Survivors ran on the BBC from 1975 to 1977, and it garnered a sizeable cult following that were likely disappointed by the swift cancellation of the show’s recent remake. But remakes aside, The Survivors original series DVD set combines all three seasons of a landmark sci-fi series in a collection that is sadly lacking extras but is still quite a good show. The show is set in England after a Bubonic Plague-like virus kills all but one percent of the population, leaving the remaining few to re-establish some sort of civilization in a world without modern technology. Survivors has its flaws as a show, waning somewhat in the latter two seasons, but it remains ahead of its time as a sparse, chilling, and surprisingly real apocalyptic vision. Hit the jump for more on Survivors.
Survivors was created by Terry Nation, who is best known for his work writing for Doctor Who and creating the Daleks. Survivors preceded Nation’s next BBC series, Blake’s 7, which was considerably more popular. Nation left the show after the first season, and this arguably had a significant impact on the direction of the second and third seasons. The main characters of the first season are Jenny and Abby, an independent Londoner and a married housewife from the country, respectively. The first episode introduces a number of characters and kills them off swiftly, giving the viewer little time to grow attached to anyone before they die. I kept looking back at the DVD case every time a new person came on to see if they’d stick around! Season one is excellent, and it sticks with you. When Abby burns down her own house after the death of her husband in episode one and takes one long look back, it’s heartbreaking, and Carolyn Seymour gives a fantastic performance as a woman who loses everyone she loves but continues on.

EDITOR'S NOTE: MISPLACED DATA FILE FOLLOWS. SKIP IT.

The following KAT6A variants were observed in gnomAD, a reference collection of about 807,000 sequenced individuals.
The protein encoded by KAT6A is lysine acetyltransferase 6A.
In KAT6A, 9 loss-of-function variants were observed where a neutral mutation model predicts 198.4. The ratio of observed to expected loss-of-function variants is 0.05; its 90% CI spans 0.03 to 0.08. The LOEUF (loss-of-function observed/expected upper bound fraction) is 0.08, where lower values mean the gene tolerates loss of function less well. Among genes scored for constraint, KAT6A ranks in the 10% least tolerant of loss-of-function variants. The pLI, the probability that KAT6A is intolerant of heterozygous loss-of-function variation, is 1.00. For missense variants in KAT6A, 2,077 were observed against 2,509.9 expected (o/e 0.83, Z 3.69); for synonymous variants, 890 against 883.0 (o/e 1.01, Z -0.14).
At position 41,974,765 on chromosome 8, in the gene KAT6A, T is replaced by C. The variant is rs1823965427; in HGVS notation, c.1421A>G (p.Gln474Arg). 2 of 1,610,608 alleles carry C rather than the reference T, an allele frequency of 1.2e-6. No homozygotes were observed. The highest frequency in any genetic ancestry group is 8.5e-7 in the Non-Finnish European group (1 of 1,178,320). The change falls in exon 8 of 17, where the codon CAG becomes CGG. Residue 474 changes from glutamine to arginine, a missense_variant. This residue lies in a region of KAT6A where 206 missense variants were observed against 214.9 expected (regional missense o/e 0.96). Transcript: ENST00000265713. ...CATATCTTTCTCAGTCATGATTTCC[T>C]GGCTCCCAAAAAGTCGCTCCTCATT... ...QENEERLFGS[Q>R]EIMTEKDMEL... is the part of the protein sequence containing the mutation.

The first season sees a select few plague survivors including Abby and Jenny coming together on a farm they call The Grange and trying desperately to rebuild their broken society. The show is top-notch through their journey to London, and then the show changes. In the box set’s only extra, the BBC documentary The Cult Of Survivors, star Carolyn Seymour explains her character’s absence frankly, blaming a substance abuse problem for her departure. The loss of Abby is a huge detriment to the show and it loses some of its weight after she and other characters are unceremoniously done away with. Character death is never an episode-long ordeal, which is both an asset as well as a shortcoming of Survivors, and it made me reluctant to get emotionally invested in the characters’ lives. The second and third seasons are honestly not as good as the first, and whether that’s due to Terry Nation’s lack of involvement or something else I’m not sure, but overall the show is worth a watch. I started to like it during its informative, almost kitschy theme, which really tells you all you need to know, and I started to love it when I got an unexpected Patrick Troughton sighting. Survivors does have its flaws, but it is far superior to most shows out there.